A good starting point is to set your white balance to 3900K and tweak it from there.

White balance helps make the colors in your Milky Way photos look real, like how you see them with your eyes.

What color should the Milky Way be? Well, it's kind of a soft yellow, around 4840K. But, it can change based on different things, so play around with the white balance to make it look right.

Things like city lights (light pollution) or the Moon can change how colors look in your photos. But don't stress! Since you're taking photos in RAW format, you can fix the white balance later when you're editing.

A cool tip is to look at bright stars for color clues. If red stars like Antares or Mars look blue in your photo, you need to change your white balance until they're red again.

9.Take a test shot and check the histogram

human silhouette gazing at the milky way in a volcanic landscape of Parque Nacional del Teide (Spain)
Sony a7s II | 16mm | f/2.8 | Sky: 4 x 3 minutes (tracked), ISO 500 | Foreground: 60s, ISO 6400
Photo by Jens Ober

Now that all your Milky Way photography settings are adjusted, the last step is to check the histogram.

The histogram is super important in taking photos. If you don't know it yet, it's time to learn about this tool and why it's useful.

When taking pictures of the Milky Way, looking at the histogram helps a lot.


Because the camera screen and the outside light can fool you, making you think your photo looks different than it really does. To make sure your photo has the lightness you're looking for, always check the histogram.

Oh, one final thing... Turn down your LCD screen brightness to see a more realistic preview of the image. Apart from the histogram, it will prevent you from underexposing your Milky Way pictures.

10.Let's go capture the Milky Way!

Alright, the stars are calling! It's time to grab your camera and dive into the night.

Mastering Milky Way photography settings is a journey of continuous learning and practice. Each night under the stars offers a new chance to refine your skills, experiment with settings, and capture the galaxy's awe-inspiring beauty. Remember, the magic of Milky Way photography unfolds through trial and error, patience, and persistence.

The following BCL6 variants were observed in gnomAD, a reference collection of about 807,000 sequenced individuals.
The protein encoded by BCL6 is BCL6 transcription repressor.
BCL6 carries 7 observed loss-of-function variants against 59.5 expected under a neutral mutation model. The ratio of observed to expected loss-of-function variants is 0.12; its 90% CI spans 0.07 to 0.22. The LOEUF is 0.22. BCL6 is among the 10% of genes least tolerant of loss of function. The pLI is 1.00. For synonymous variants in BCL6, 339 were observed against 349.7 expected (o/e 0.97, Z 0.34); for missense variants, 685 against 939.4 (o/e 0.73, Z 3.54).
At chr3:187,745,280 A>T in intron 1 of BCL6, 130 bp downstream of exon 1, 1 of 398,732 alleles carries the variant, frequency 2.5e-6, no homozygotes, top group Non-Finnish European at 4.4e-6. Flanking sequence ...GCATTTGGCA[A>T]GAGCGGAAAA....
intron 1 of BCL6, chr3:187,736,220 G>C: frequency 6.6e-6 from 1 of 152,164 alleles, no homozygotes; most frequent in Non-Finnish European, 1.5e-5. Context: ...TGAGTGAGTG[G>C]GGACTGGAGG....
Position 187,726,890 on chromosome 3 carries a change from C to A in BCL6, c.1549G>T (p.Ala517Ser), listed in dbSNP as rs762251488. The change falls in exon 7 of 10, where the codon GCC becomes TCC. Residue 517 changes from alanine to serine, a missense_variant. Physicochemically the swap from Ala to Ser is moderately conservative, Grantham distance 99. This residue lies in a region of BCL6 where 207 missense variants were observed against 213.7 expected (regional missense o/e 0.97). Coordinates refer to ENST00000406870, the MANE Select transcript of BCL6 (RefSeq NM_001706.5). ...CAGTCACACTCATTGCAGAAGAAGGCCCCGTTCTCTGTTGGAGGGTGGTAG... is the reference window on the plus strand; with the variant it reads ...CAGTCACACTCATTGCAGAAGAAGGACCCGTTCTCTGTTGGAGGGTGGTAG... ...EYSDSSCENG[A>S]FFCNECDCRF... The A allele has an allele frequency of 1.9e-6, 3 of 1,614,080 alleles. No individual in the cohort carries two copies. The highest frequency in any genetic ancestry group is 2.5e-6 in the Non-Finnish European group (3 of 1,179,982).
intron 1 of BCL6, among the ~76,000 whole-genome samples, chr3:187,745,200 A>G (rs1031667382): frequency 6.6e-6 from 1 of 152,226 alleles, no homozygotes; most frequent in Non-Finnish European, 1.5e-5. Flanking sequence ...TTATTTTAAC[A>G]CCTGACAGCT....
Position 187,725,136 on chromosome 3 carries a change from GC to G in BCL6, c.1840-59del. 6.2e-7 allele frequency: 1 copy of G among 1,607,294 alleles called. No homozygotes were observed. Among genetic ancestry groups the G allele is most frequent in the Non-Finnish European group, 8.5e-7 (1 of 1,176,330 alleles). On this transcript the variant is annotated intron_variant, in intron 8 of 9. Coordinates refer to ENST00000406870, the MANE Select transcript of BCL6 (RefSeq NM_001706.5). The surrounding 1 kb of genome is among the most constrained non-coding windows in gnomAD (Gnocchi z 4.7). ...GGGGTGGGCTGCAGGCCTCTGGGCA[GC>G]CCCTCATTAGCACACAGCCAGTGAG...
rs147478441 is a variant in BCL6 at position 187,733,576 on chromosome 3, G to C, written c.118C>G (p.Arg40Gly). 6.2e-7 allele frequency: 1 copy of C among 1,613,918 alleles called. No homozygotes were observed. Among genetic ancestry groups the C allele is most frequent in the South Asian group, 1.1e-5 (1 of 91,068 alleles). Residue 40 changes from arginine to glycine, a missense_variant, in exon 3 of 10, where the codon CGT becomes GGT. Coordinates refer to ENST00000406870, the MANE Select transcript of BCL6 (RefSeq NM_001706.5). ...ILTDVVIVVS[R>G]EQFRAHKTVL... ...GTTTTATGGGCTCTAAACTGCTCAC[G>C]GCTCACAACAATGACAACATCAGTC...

Encountered a challenge or have questions that this guide didn't cover? Don't hesitate to reach out. Drop a comment below, and I'll be here to offer guidance, share further insights, or simply cheer you on.

The journey of capturing the Milky Way is as boundless as the night sky itself. Keep exploring, keep shooting, and most importantly, enjoy every moment of awe and wonder.

The galaxy awaits you, and who knows? Your next shot could be the one that takes our breath away.

And when you capture that mesmerizing Milky Way photo, consider sharing it with our community of fellow night sky enthusiasts at the PhotoPills Awards. Your creativity could inspire others and perhaps even earn recognition for your work.

Now, let's go capture the Milky Way!


Antoni Cladera is a landscape photographer commited to the environment. Artist of the Spanish Confederation of Photography and member of the Spanish Association of Nature Photographers (AEFONA). He's part of the PhotoPills Team.

Special thanks to Sandra Vallaure, a great photographer and friend, for her tremendous help in making this article possible.

Note: Some links on this page are affiliate links. What does this mean? If you buy/rent using these links you're helping support us and it costs you nothing extra. Thank you for your support.

Milky Way: The Definitive Photography Guide